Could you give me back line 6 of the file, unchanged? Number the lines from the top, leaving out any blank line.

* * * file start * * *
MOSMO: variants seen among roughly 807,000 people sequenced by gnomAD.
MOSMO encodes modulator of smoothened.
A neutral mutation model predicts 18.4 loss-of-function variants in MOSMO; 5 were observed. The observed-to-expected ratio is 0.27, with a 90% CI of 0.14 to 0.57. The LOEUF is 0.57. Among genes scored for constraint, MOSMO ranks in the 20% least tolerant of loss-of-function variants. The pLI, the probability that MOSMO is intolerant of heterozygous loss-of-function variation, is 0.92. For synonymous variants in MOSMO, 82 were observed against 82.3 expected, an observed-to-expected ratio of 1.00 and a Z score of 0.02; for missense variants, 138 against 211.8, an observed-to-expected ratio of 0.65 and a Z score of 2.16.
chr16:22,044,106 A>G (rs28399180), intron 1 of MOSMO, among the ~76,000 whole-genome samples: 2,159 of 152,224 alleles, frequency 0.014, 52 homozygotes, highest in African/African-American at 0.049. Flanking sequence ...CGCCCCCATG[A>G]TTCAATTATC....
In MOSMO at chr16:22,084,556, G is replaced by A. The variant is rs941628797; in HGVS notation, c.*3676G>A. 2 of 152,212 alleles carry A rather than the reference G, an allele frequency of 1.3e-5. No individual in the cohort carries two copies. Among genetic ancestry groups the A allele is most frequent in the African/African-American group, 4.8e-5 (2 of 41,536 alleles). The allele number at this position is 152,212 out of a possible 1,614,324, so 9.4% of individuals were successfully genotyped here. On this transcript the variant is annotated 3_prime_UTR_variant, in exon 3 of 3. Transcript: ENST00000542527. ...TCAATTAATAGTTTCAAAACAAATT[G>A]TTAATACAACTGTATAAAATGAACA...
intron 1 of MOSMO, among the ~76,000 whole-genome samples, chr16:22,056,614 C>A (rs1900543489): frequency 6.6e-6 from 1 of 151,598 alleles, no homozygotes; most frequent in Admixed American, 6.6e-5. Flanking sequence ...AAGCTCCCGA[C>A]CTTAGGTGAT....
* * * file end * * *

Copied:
intron 1 of MOSMO, among the ~76,000 whole-genome samples, chr16:22,056,614 C>A (rs1900543489): frequency 6.6e-6 from 1 of 151,598 alleles, no homozygotes; most frequent in Admixed American, 6.6e-5. Flanking sequence ...AAGCTCCCGA[C>A]CTTAGGTGAT....